pros/cons of Eotech versus Aimpoint - Page 4

pros/cons of Eotech versus Aimpoint

This is a discussion on pros/cons of Eotech versus Aimpoint within the Defensive Rifles & Shotgun Discussion forums, part of the Related Topics category; OK--I bit the bullet----Aimpoint micro T-1, 2 MOA from LaRue's...........

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Thread: pros/cons of Eotech versus Aimpoint

  1. #46
    Distinguished Member Array Chaplain Scott's Avatar
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    OK--I bit the bullet----Aimpoint micro T-1, 2 MOA from LaRue's........
    atctimmy and sparkykb like this.
    Scott, US Army 1974-2004

    Freedom is never more than one generation away from extinction. It must be fought for, protected, and handed on or one day we will spend our sunset years telling our children what it was once like in the United States where men were free.
    - Ronald Reagan


  2. #47
    Member Array CDRGlock's Avatar
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    Depending upon which button you use to turn your Eotech on, it will automatically sleep after a predetermined time. It is best to turn it on with the left button which has a much shorter time out than the right button.

    I have a 552, 556 and 512 plus 2 3x magnifier's. All of mine were preowned. No problems with mine except one used one was 7 years old. The reticle was barely visible. I did not pay much for it so I sent it for repair for $79. To me, it was still better than paying retail.n that's just how I am.

    I would love an Aimpoint because of battery life. It can be left always on. However, I like the wider window on an Eotech, hence my adoption of a few.

    Another negative is that the size of the reticle cannot be sized. Only the light intensity can be adjusted.
    NRA, Lifetime Member

  3. #48
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    You might want to take that up with EOTech. The text in Post #39 is directly from the EOTech website.

    Quote Originally Posted by sparkykb View Post
    I think you confused yourself by making it more complicated than it is lol. You aren't seeing a recreated hologram of the target. The only thing "holographic" is reticle itself.

    Oh, and OP....I'd get an Aimpoint micro T-1 2MOA for reasons already covered if it were me, but then again I already have one, and I also have a fried Eotech lol. Battery life, durability, etc make the choice an easy one for me. I love having a small super tough optic that I don't have to worry about turning off or on. If I need to grab a rifle in the middle of the night for whatever reason I'd rather not have to mess with trying to turn on my optic in a rush or under stress....or risk flat out forgetting to turn it on until I've raised my sights and realize my mistake. Another plus for aimpoints is that adjusting the brightness on the fly involves just grabbing the knob and twisting one way or the other till it's where you want it....quick and easy....no button mashing to find the right setting.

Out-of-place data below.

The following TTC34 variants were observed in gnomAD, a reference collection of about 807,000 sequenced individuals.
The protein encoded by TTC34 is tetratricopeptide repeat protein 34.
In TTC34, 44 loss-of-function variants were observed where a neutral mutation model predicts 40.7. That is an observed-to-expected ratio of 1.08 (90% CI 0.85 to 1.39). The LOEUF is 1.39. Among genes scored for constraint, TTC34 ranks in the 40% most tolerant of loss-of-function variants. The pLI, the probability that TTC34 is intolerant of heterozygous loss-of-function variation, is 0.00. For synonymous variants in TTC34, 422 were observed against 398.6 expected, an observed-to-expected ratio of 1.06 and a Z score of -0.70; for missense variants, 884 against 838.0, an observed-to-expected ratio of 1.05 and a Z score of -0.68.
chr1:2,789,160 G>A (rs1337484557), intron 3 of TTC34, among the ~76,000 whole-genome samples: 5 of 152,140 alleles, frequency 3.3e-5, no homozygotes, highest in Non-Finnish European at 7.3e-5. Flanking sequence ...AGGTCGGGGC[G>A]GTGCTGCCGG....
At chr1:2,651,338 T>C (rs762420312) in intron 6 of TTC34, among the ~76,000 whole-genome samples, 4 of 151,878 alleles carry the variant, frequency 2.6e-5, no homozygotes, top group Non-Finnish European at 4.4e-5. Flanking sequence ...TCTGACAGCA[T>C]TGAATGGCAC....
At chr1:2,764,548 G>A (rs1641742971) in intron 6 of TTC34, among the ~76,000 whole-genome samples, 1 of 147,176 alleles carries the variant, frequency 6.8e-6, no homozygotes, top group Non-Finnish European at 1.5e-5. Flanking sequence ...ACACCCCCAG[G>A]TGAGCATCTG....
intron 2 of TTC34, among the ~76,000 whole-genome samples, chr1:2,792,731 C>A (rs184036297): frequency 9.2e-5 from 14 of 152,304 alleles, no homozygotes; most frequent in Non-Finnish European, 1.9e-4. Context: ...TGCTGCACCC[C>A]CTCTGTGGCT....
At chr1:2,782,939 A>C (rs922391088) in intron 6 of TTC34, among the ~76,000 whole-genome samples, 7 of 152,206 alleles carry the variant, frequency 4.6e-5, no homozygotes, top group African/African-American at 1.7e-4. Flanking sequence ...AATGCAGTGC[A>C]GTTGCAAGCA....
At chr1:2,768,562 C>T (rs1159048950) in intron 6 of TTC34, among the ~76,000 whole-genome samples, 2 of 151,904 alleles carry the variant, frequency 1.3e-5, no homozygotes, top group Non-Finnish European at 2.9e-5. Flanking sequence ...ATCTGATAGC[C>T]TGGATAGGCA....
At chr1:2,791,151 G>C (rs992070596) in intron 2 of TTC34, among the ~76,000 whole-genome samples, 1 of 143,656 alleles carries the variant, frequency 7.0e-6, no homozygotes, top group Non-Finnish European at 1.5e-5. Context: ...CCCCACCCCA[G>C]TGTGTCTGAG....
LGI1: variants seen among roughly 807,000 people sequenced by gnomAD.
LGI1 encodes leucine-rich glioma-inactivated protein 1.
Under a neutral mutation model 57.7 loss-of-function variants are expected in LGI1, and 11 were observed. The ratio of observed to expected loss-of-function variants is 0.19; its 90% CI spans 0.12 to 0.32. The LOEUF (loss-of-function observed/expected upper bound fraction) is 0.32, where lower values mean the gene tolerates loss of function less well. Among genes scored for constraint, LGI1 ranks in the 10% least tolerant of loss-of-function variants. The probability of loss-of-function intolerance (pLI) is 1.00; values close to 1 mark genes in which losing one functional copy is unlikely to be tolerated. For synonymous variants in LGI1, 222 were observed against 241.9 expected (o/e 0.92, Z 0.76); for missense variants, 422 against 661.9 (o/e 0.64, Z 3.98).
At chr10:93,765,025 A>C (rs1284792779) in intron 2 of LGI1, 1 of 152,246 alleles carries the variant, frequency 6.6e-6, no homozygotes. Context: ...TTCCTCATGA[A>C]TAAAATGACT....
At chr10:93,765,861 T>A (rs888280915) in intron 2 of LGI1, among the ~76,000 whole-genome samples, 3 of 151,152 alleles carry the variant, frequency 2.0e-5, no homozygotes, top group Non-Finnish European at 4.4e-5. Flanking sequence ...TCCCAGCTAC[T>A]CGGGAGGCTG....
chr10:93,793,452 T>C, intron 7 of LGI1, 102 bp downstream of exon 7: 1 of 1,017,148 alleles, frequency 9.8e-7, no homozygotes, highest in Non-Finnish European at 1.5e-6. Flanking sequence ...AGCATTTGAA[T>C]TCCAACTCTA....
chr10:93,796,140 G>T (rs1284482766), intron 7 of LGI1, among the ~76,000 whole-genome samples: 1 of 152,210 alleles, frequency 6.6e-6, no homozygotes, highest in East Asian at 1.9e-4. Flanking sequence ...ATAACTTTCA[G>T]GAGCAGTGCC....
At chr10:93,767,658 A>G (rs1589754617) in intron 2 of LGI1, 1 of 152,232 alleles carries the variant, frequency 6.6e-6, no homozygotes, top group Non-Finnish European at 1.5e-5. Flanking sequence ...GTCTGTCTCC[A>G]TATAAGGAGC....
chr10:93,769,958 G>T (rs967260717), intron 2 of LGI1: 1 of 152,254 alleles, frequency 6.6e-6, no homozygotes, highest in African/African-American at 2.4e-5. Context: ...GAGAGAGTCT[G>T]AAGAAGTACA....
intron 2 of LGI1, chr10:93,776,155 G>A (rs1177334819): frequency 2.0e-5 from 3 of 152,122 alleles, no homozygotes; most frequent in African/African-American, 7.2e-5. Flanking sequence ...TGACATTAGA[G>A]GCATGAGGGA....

4. #49
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    Quote Originally Posted by Chaplain Scott View Post
    OK--I bit the bullet----Aimpoint micro T-1, 2 MOA from LaRue's........
    Wait till you open the box! Let us know what the current "extras" are... The "Dillo" tool comes in real handy for all sorts of things.
    Rick

    EOD - Initial success or total failure

  5. #50
    VIP Member Array jonconsiglio's Avatar
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    Why do I have an ad in the reply box? I had to go "advanced" so I could post...

    Good choice on the 2 MOA

    Proven combat techniques may not be flashy and may require a bit more physical effort on the part of the shooter. Further, they may not win competition matches, but they will help ensure your survival in a shooting or gunfight on the street. ~Paul Howe

  6. #51
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    Congrats. Great also that you purchased from a trusted site.

    Helpful Link - Presented just as a general FYI for those who may be considering a purchase.

    Copies warning - red dot sights copies - Aimpoint
    Liberty Over Tyranny Μολὼν λαβέ

  7. #52
    Distinguished Member Array Chaplain Scott's Avatar
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    My choice of LaRue's was from this very thread. DC members to the rescue again I picked the medium height mounts so I can have a partial co-wittness....
    Scott, US Army 1974-2004

    Freedom is never more than one generation away from extinction. It must be fought for, protected, and handed on or one day we will spend our sunset years telling our children what it was once like in the United States where men were free.
    - Ronald Reagan

  8. #53
    Distinguished Member Array Chaplain Scott's Avatar
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    Ordered last night--shipped today As a side note, today is the 38th anniversary of my raising my right hand and swearing to defend the Consititution of the United States......so, can I say that this was my anniversary present to myself? Think my wife will buy that line???